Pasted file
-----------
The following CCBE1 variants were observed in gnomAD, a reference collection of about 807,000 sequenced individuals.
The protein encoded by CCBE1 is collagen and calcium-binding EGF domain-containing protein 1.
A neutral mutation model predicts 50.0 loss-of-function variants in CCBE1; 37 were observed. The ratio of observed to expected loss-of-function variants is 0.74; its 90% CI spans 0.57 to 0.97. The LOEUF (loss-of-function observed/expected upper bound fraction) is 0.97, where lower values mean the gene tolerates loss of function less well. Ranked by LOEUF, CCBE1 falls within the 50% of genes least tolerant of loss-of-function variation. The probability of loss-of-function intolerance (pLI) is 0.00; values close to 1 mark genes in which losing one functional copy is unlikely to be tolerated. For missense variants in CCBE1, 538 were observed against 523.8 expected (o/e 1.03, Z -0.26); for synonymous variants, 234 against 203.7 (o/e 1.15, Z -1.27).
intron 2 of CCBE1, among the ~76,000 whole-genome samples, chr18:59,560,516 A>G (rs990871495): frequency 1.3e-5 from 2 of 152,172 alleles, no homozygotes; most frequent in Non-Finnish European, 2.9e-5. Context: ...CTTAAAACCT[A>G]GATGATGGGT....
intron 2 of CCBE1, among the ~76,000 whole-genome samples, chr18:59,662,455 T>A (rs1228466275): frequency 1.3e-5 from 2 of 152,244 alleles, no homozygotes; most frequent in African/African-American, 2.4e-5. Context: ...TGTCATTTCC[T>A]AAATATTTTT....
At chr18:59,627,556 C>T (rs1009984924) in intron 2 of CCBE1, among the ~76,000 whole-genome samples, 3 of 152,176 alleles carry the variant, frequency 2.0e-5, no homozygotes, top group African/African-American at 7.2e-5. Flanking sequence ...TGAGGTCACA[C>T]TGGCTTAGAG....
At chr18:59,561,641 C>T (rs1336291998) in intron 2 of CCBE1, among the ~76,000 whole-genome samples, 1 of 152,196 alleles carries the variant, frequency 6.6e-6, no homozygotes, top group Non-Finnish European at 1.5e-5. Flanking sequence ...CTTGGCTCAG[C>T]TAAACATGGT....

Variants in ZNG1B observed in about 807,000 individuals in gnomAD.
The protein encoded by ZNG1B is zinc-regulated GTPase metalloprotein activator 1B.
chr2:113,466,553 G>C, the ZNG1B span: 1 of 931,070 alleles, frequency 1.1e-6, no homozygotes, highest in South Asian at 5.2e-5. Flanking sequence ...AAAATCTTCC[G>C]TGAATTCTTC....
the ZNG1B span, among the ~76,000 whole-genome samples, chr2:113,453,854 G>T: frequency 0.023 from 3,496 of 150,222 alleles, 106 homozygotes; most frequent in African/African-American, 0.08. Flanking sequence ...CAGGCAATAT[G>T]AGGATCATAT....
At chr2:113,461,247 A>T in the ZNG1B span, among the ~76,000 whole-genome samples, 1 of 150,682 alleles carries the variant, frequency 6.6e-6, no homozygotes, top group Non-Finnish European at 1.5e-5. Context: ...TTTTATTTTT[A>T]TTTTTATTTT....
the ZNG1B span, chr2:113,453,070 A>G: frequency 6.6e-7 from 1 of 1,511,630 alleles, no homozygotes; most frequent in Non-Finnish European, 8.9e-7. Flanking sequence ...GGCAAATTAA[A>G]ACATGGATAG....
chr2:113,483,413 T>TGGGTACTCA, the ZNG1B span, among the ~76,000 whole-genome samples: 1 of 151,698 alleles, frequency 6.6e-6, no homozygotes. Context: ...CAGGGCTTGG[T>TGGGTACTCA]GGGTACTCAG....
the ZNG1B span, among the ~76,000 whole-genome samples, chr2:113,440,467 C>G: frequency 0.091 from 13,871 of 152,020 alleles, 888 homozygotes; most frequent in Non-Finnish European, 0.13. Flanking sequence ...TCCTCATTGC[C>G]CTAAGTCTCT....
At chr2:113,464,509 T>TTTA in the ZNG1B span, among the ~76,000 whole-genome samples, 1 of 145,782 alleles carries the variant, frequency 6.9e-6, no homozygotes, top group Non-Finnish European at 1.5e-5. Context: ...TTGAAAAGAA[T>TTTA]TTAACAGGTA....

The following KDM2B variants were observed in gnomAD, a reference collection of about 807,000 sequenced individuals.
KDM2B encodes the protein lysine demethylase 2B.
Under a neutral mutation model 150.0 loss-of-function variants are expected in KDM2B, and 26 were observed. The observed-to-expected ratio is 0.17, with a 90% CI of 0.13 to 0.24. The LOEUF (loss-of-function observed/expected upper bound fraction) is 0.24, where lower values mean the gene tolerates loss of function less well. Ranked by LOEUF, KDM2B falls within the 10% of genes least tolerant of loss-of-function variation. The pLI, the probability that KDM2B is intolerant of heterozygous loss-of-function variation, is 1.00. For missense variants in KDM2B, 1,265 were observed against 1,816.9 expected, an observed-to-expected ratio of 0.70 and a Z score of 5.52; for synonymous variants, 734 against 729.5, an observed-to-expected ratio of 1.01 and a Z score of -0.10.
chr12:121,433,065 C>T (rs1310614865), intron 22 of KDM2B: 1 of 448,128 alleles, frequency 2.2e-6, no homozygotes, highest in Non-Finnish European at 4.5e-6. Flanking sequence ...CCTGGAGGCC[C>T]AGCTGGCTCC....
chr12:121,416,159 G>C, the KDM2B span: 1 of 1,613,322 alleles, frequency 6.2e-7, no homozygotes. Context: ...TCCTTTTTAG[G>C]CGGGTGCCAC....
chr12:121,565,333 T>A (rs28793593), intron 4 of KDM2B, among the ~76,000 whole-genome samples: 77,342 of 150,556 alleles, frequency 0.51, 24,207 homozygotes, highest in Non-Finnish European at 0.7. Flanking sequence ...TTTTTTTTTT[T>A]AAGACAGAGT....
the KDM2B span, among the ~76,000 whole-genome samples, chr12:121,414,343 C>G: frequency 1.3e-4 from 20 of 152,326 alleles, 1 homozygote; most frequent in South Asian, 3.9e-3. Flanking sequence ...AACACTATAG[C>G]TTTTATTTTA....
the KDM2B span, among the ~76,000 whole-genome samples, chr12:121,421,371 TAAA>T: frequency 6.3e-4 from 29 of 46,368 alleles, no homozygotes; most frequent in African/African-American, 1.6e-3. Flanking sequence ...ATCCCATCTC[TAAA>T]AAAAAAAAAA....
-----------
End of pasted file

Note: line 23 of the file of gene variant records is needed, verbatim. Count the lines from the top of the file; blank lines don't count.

the KDM2B span, among the ~76,000 whole-genome samples, chr12:121,414,343 C>G: frequency 1.3e-4 from 20 of 152,326 alleles, 1 homozygote; most frequent in South Asian, 3.9e-3. Flanking sequence ...AACACTATAG[C>G]TTTTATTTTA....